“Paul and Timothy, slaves of Christ Jesus, to all the holy ones in Christ Jesus who are in Philippi, with the overseers and deacons.”
Philippians is one of Paul’s later letters, written while in Prison in Rome (c.f. 4:22), and towards the end of his life. This places the letter as having been written in the early 60s, AD. The Church in Philippi had sent him a gift (4:16,18). It was not uncommon, in ancient times, that those in house prison were to pay for their own lodging essentially, forcing them to rely on the generosity of friends and family. Such is the context of this letter where Paul is responding back and saying, “thank you,” to these generous Christians.
Though this first verse is little more than an introductory greeting, it contains a great deal of depth and ought not be overlooked. To begin with, we find Timothy with Paul. This is earlier in his imprisonment as Paul is speaking of sending Timothy to the church in Philippi with his greetings and for their aide (2:9). Yet, this is taking place before Paul writes for Timothy to return (2 Timothy 4:9) which is closer to his death. Again, this helps us to discern the timeline of Paul’s letters.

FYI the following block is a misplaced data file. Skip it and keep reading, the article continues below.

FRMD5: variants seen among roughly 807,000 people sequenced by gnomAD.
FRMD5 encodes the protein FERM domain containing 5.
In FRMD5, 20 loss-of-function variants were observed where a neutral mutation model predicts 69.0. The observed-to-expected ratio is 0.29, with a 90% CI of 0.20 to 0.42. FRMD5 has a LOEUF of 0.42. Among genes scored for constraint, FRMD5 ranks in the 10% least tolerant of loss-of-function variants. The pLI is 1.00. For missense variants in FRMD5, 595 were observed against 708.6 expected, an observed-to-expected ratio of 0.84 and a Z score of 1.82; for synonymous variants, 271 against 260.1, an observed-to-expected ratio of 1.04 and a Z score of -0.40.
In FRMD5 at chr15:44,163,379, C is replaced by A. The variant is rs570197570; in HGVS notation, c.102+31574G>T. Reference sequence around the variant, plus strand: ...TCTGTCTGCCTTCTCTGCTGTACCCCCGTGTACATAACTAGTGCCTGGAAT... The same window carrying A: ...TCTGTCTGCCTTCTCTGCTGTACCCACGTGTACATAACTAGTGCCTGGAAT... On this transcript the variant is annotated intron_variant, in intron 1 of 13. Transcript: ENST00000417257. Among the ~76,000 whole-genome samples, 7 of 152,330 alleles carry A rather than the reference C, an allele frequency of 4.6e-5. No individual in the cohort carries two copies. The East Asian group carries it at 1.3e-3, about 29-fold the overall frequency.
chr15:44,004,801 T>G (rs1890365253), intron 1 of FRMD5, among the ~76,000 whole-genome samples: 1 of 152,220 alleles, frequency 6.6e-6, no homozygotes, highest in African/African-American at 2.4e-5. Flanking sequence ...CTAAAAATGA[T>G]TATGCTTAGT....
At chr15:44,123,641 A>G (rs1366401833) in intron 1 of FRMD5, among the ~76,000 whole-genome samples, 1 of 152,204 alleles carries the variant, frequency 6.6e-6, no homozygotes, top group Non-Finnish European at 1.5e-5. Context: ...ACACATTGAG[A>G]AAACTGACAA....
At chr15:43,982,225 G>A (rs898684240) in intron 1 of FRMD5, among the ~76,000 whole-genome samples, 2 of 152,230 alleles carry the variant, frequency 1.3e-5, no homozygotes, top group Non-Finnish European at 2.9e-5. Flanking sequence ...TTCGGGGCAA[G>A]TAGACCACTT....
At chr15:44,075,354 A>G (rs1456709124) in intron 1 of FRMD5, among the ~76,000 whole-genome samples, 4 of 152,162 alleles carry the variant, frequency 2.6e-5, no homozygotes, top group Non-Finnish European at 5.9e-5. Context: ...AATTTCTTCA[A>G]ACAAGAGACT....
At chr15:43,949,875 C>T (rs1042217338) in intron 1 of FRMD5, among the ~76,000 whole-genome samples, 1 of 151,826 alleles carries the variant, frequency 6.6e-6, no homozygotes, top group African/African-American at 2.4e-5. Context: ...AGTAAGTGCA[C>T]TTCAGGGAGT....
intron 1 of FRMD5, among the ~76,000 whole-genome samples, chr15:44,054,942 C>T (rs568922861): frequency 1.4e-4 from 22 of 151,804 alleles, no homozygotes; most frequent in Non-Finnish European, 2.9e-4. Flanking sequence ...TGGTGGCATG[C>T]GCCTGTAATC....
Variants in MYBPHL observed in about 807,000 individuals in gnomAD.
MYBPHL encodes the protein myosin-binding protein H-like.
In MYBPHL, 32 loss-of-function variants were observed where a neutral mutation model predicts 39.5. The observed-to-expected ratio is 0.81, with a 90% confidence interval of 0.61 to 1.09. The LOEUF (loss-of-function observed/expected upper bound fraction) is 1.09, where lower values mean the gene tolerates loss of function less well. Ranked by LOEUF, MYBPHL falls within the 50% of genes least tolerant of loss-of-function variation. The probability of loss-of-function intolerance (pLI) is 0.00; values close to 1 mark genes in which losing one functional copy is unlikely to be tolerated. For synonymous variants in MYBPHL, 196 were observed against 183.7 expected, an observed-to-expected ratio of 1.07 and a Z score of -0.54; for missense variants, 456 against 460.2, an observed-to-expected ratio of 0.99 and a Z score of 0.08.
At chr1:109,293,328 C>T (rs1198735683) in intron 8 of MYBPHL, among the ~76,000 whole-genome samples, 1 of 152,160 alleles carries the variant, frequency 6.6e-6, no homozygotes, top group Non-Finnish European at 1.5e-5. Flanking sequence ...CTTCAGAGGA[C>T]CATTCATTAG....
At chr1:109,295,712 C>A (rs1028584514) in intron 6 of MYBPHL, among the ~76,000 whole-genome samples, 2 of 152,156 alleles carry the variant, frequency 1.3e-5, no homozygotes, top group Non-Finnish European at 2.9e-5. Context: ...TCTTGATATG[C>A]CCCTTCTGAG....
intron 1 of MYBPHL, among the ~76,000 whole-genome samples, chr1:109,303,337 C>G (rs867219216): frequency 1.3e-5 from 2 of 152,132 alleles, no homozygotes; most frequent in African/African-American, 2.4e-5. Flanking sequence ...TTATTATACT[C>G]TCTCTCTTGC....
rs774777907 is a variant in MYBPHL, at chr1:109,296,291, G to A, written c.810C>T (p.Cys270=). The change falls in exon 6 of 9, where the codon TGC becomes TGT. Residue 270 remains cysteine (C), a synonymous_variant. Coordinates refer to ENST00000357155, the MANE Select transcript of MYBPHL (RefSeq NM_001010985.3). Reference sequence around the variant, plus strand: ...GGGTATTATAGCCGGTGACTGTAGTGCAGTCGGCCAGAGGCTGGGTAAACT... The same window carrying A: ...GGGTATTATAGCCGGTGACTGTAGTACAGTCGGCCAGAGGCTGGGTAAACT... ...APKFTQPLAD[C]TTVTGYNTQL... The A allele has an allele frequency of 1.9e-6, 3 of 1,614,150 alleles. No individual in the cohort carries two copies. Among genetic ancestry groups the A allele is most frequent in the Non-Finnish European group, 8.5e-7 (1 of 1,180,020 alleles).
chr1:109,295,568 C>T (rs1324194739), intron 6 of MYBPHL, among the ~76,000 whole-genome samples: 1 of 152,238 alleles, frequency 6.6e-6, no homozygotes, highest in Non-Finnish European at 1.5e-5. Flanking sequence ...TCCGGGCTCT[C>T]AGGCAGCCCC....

More importantly is the title that Paul applies both to himself and to Timothy. He says that they are slaves or (as is sometimes translated) bondservants of Christ Jesus. The term that is used here is douvloß (doulos), which is one of the terms that Paul quite regularly uses to describe his service to Jesus Christ. This term refers not to a mere hired servant, but to a servant who is bound (as a slave would be) to his master. As Christians, we serve Christ Jesus and Christ alone. We given permission to have two masters (Luke 16:13) and we do not serve Christ for a season and then serve another (as hired servants might do). We are bound to serve Christ until the very day we die.
This is a mindset that the modern church has largely forgotten. People are quick to live lives and expend energies for the things that they want, but when they get tired, weary, or frustrated at the direction that things are going, they bail out and do something different. Such is not the calling of a Christian. No matter what the cost, not matter where he leads us, we must follow for we are not our own. We, if we will be faithful, must grasp this notion and serve Christ, not self.